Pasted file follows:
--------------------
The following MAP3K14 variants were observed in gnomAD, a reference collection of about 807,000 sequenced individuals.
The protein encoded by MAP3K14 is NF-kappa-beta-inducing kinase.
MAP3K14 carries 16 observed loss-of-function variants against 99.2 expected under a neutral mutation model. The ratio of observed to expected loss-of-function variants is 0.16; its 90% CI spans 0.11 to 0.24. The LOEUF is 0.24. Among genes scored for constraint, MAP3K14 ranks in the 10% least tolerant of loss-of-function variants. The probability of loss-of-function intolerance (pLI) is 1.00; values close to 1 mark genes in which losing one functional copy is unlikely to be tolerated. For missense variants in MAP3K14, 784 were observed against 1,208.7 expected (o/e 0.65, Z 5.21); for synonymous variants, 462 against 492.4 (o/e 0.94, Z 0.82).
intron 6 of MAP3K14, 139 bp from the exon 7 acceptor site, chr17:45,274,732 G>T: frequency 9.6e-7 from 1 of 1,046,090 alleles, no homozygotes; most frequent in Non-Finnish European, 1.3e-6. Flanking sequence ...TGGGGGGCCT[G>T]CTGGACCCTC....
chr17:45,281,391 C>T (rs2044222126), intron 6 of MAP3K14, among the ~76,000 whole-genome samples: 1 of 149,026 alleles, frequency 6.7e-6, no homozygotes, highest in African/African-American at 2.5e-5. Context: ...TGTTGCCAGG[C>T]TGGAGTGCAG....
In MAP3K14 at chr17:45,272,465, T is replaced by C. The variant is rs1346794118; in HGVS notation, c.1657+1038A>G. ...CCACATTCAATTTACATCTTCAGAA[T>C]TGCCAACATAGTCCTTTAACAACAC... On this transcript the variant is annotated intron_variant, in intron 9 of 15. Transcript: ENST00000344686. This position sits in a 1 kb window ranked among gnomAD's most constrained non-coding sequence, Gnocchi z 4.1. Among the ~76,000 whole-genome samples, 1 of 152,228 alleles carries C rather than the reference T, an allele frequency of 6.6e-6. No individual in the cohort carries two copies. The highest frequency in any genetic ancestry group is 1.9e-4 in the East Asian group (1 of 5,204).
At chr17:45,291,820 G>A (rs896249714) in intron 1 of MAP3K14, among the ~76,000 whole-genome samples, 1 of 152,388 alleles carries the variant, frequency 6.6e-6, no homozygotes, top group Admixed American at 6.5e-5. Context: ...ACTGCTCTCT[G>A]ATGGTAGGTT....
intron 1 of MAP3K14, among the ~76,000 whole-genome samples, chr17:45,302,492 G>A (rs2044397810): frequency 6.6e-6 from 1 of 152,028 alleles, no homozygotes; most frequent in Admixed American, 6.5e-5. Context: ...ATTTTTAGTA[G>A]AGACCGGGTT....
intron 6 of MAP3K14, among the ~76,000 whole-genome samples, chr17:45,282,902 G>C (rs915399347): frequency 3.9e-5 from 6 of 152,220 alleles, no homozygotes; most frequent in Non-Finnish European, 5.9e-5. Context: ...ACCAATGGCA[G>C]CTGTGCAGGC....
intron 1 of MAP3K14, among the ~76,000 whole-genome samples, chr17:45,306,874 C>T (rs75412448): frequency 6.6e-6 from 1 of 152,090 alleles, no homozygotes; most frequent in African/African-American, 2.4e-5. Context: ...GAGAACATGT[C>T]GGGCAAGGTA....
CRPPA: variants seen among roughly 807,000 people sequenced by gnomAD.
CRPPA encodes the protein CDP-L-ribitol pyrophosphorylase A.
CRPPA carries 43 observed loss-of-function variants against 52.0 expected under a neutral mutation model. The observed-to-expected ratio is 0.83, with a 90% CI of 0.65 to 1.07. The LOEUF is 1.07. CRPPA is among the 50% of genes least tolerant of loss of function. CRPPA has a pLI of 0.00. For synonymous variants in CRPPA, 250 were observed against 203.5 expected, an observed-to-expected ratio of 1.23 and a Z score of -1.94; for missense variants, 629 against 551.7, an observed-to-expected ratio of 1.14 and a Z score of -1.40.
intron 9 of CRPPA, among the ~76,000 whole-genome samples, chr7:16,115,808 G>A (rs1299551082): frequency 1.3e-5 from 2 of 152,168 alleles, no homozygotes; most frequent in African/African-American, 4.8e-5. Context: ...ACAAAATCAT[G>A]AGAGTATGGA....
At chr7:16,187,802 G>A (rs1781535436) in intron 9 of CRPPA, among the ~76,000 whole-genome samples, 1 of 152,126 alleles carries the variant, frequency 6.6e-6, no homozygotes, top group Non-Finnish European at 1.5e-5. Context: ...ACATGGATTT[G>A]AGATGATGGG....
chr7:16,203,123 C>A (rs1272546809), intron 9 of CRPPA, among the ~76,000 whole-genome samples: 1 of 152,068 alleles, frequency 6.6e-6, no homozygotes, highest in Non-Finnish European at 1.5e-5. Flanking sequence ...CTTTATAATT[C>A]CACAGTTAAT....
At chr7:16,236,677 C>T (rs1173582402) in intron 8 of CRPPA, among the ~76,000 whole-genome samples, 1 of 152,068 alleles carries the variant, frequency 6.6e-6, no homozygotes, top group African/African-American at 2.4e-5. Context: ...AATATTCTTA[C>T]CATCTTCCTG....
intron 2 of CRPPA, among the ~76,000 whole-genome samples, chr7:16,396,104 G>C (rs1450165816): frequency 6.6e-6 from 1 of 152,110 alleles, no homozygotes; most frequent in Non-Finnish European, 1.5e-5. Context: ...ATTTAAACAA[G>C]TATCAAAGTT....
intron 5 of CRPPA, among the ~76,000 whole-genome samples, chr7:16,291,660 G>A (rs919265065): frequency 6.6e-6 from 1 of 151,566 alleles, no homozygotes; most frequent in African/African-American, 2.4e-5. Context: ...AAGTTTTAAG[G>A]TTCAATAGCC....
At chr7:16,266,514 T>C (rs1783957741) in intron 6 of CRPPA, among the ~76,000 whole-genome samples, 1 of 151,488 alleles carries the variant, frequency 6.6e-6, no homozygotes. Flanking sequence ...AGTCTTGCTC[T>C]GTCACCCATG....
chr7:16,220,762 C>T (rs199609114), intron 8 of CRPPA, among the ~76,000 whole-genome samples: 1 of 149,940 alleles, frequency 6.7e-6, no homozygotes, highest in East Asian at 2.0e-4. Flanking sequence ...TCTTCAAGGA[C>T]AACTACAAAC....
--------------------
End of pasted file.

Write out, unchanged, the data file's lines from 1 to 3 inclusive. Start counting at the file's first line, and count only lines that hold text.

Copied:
The following MAP3K14 variants were observed in gnomAD, a reference collection of about 807,000 sequenced individuals.
The protein encoded by MAP3K14 is NF-kappa-beta-inducing kinase.
MAP3K14 carries 16 observed loss-of-function variants against 99.2 expected under a neutral mutation model. The ratio of observed to expected loss-of-function variants is 0.16; its 90% CI spans 0.11 to 0.24. The LOEUF is 0.24. Among genes scored for constraint, MAP3K14 ranks in the 10% least tolerant of loss-of-function variants. The probability of loss-of-function intolerance (pLI) is 1.00; values close to 1 mark genes in which losing one functional copy is unlikely to be tolerated. For missense variants in MAP3K14, 784 were observed against 1,208.7 expected (o/e 0.65, Z 5.21); for synonymous variants, 462 against 492.4 (o/e 0.94, Z 0.82).